Coliving; the next step for coworking

Coliving; the next step for coworking

3 min read

Coworking and coliving go together like two peas in a pod. And that’s not just because they both start with the word ‘co’. Both born from similar schools of thought, coworking and coliving are movements that have profoundly ingrained value systems based on collaboration, transparency, and community. In addition, both movements aim to reimagine how we interact daily, whether in a professional or living environment. Inspired by traditional communal living spaces and the current demand for more affordable living spaces for young professionals struggling to make ends meet, coliving spaces have been popping up more and more, especially in densely populated urban areas.


Source: Outsite – Mission –

While humans have lived communally throughout history, coliving today is taking on new shapes and forms, answering contemporary needs discovered by the growing coworking movement. While it seems like the next logical step for coworking should be the integration of coliving spaces, coworkers and coliving need to understand the evolution of the two movements so we can continue growing together.

Coliving can help coworking spaces boost their revenue.

The coworking movement has grown by leaps and bounds since the early days. Catching the eyes of corporations and traditional enterprises, coworking has entered a new growth stage, creating new opportunities for spaces to increase revenue. For spaces that might not be keen on going corporate, embracing the coliving movement has proven to be an effective way to expand their income without compromising their community feeling.

Depending on what part of the world you are living in, the average monthly payment for a full coworking space membership can range anywhere from 150 to 500 plus. While many coworking spaces cover the utilities with membership payments, many spaces struggle to turn a profit. Including living space could help spaces boost their revenue while maintaining the community spirit. Additional income for coworking spaces boosted by a coliving space could be used to fund more events, update amenities and take on new staff.

Boosting community awareness

In a similar way that coworking spaces have encouraged professionals to change how they work together, coliving has helped a new generation of professionals and wanderers reinvent how we work and live. Like coworking, coliving offers much more than just a bed. Individuals seeking out coliving communities are looking for an experience that will allow them to expand their network and minds.

The majority of coliving spaces, the world over, provide a professional area where members can get work done. Often inhabited by digital nomads familiar with the coworking movement, these shared living spaces ensure a productive environment is integrated into the living space. Like coworking, coliving spaces provide communal areas that encourage members to physically get together, whether to chat or share a meal. Much like coworking has encouraged workplace culture to be more inclusive and human-centric, coliving spaces boost community awareness by redefining how we coexist.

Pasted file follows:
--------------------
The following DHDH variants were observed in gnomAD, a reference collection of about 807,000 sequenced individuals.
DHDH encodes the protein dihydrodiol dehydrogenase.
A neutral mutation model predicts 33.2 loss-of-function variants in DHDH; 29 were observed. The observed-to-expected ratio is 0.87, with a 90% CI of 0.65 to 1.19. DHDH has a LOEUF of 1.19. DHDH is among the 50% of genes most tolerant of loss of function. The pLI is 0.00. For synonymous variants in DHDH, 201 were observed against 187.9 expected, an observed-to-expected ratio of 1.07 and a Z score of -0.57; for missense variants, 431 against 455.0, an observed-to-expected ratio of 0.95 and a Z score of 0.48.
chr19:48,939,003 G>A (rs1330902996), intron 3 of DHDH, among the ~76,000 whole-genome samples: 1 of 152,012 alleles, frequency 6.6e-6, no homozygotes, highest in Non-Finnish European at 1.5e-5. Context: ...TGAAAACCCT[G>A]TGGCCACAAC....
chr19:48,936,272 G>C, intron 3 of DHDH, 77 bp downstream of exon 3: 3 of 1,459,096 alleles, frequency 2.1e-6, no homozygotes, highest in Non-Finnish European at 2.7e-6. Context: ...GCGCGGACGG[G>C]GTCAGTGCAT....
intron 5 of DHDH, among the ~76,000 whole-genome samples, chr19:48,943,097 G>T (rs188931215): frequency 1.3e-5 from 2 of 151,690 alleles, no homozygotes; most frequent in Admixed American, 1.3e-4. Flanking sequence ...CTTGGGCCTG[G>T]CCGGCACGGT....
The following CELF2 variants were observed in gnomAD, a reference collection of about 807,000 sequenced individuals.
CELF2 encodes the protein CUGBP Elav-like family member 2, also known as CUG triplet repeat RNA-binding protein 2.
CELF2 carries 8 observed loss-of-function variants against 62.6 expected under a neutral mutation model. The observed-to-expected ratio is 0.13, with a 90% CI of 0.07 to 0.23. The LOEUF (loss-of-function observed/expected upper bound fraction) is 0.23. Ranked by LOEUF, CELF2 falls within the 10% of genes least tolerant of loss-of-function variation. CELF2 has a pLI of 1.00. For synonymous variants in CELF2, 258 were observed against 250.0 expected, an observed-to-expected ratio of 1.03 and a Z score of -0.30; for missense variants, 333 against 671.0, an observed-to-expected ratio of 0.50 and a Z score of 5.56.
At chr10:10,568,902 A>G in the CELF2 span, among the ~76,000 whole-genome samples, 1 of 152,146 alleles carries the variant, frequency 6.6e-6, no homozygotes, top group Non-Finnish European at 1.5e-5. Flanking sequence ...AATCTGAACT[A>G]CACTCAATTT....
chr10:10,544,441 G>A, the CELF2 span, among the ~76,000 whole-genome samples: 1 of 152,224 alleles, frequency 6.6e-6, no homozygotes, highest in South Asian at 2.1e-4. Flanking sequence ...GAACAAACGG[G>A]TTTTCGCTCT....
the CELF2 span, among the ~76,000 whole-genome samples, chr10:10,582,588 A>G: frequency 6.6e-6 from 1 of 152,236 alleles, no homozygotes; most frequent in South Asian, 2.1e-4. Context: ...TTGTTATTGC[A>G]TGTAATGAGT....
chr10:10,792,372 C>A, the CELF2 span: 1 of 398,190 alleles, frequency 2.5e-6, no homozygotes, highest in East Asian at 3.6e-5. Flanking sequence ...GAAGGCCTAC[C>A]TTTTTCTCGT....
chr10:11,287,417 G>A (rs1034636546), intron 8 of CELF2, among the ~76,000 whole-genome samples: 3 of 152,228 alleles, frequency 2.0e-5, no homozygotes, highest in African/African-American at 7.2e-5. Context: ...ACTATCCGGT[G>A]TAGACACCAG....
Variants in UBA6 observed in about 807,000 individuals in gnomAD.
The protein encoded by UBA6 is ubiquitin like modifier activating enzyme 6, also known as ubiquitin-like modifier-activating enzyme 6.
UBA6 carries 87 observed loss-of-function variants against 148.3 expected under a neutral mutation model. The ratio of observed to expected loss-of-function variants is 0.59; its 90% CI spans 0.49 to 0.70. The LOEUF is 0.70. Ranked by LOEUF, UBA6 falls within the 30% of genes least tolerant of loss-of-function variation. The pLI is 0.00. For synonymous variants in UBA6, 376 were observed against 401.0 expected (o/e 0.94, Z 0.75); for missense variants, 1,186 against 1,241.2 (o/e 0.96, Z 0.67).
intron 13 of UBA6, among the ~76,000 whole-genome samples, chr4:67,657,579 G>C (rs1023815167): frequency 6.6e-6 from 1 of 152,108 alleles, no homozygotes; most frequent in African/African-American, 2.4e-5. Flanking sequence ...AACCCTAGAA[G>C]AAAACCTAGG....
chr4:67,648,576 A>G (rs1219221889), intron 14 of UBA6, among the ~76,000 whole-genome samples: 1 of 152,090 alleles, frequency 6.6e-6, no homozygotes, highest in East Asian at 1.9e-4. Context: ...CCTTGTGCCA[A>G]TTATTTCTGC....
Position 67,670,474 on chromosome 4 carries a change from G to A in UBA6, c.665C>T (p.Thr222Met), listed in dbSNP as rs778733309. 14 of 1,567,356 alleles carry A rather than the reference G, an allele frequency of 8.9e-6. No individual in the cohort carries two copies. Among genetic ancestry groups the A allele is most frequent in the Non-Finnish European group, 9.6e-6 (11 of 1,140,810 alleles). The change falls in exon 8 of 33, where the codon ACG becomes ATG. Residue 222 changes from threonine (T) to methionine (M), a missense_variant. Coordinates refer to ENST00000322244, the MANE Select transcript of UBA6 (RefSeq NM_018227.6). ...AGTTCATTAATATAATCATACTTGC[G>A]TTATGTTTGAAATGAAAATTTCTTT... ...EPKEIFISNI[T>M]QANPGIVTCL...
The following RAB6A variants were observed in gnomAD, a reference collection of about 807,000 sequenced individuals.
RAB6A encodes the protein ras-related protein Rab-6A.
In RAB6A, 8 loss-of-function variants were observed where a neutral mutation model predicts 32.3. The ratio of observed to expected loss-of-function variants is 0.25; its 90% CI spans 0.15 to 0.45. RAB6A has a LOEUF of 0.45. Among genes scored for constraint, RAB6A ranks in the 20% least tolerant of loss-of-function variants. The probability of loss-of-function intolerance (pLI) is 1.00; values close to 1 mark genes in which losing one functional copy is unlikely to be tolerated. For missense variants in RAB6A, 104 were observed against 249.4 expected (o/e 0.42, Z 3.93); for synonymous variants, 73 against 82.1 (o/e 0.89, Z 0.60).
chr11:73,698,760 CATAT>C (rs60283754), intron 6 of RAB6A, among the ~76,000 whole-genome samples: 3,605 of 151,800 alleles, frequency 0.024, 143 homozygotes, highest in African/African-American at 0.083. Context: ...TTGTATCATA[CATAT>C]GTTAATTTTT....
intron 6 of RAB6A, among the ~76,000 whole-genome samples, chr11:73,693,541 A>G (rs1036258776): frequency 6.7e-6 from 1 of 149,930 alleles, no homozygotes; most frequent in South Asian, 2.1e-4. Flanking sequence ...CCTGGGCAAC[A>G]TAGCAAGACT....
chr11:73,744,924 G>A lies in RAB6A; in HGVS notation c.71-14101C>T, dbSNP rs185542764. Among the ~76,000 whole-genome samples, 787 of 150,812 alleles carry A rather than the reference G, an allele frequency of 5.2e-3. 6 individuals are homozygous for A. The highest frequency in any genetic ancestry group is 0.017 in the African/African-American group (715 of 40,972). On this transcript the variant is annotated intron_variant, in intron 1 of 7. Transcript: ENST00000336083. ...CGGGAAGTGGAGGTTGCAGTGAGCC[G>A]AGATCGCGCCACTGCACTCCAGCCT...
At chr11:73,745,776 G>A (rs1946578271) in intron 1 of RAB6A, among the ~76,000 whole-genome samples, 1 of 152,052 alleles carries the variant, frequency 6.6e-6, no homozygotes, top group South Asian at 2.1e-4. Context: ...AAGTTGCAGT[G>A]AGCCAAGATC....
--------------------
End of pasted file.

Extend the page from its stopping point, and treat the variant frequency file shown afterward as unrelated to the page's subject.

Creating an added-value local community

The number of freelancers worldwide is rising, and more companies are letting their employees work remotely. This has led to a new breed of coworkers, the digital nomad. Coworking spaces worldwide, especially in tourist centers, have benefitted from the increased number of workers visiting their spaces. While most coworking spaces primarily serve the local members, these spaces have found that coliving can help bring value-added to their space and community. Rather than just relating to their hotel room after a day of working, nomadic members can get to know the local people by making their current location a home away from home.


Source: Hotel Schani – Wien –

Hotel Schani Wien, based in Vienna, has taken the idea further by providing a coworking hotel centrally located in Austria’s capital, Vienna. By offering digital nomads an incentive to stay with their professional coworking space in the hotel lobby, Schani Wien also encourages visitors to get to know other members who are staying in the hotel, which could lead to potential professional collaborations, in addition to diversifying the local setting.

Adding cool living space isn’t a criterion for running a successful space. However, it has many added benefits that could allow the coworking movement to identify new ways to promote more collaborative and innovative ways of living.

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